It is now 20 years since masked Nigerian artist Lagbaja established his Motherlan’ club in Lagos, Nigeria. His brand of jazz-infused Afrobeat involving the heavy use of Yoruba drums such as bata and sakara was for some time the most popular reincarnation of Fela’s sound. Dede Mabiaku was truer to the Afrobeat brand, as created by the iconoclastic Fela Anikulapo Kuti, in dance, dress and mannerisms. His sons, Femi and Seun Kuti, were more faithful to its militant spirit. But it was Lagbaja’s comic offerings that kept the genre alive in the minds of a young generation of music enthusiasts.
Lagbaja hasn’t produced a critically acclaimed body of work in the order of his 2000s glory in a while. But his catchy hooks and use of humour were part of the easily recognisable music models during a period that saw the rapid growth of different shades of Nigerian contemporary pop music.
His willingness to experiment – performing in a style he tagged as ‘Africano’ music – also made him one of the few artists to attain popular acclaim while producing what would today be classified as alternative music. Lagbaja also balanced levity with social responsibility, something that has now become a lost art.
From his release of Ikira and Lágbájá in 1993, Lagbaja’s songs have always occupied a key place in Nigerian contemporary music. Below are 10 of his best, in no particular order.
Baby Tani ko fe wa
This was one of Lagbaja’s most popular numbers of the 1990s and the introduction to omo baba mukomuko (the song of the pap-drinking man) for many millennials. It’s a taunt at a woman who rejects the singer’s advances, and is thematically reminiscent of Bobby Benson’s Taxi Driver.
Never far away
This is one of the best love songs out of Nigeria. It’s also represents the height of Lagbaja’s combination of strings and drums. The music video was the winner of the 2006 Channel O Music Video Awards for Best Male Video.
A o merin j’oba
A o merin joba (we’ll make the elephant king) is based on a Yoruba folktale that cautions against fame. It’s a fine display of Lagbaja’s musical roots and features a switch between a purely highlife verse and a chorus done in the woro beat of the original folk song – a merging of the old and new that became the masked one’s signature.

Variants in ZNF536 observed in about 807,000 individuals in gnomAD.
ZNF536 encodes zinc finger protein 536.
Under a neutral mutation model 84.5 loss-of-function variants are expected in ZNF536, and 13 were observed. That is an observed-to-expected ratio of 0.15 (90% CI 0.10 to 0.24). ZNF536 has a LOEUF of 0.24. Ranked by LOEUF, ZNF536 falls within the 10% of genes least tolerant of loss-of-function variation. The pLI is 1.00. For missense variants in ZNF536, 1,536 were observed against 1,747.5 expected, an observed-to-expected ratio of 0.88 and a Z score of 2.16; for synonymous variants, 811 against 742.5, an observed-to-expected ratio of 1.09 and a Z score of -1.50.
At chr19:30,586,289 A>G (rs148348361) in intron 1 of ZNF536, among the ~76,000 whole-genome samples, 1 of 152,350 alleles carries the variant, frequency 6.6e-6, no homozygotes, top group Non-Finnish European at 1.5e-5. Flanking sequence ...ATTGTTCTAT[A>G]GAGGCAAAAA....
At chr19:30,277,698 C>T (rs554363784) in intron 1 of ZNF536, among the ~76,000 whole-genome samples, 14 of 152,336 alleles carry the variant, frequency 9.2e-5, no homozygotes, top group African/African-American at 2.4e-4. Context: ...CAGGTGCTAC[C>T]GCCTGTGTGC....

‘Konko Below’ has everything: a signature dance, a memorable bata (drum) line and a simple hook. It was a song made for ‘virality’ before that became a word.
This comedic song took gra gra, the pidgin expression for stubborn aggresiveness, and redefined it in ways that meant people started to sing it rather than just say it.
Lagbaja, beyond his music, will also be remembered for his fruitful collaborations with his soloists, who offered his songs the vocal quality that his own hoarse voice lacks. Yinka Davies, his first vocalist, is a legend of Nigerian music in her own right, and her performance of ‘Emi Nlo’ is an example of her vocal prowess.
There was an argument at the time of the release of Africano…The Mother of Groove about how Lagbaja’s departure from the pidgin that had defined the midpoint of his career would fare with his audience. The successes of songs like and ‘Never Far Away’ and ‘Skentele Skontolo’, an expression describing the grandness of the gele (headgear), made those hot takes quickly irrelevant.
Lagbaja became more socially conscious as his career became more mainstream, and at the height of his success, ‘Suuru Lere’ (patience is rewarding) was his ultimate political message. The video of the song was done in 2-D animation that along with the video for Weird MC’s ‘Ijoya’ was unique during a time when Nigerian music videos became more daring.
Nothing for you
Before ‘Never Far Away’ became Lagbaja’s best love song, this funny tale about a man wooing a girl much younger than him was arguably his most popular love song. But it’s really not a love song, as it is useless in serenading a lover. Instead, it’s about a man’s strive to attract a woman, which, if it were released today, would be severly parsed for consent and persistence.
Lagbaja’s music owes a lot to Fela’s genius. And this song, featuring samples of Fela’s words, is a manifesto for the right to use our local languages the way we desire, and a homage to the Afrobeat legend’s activism.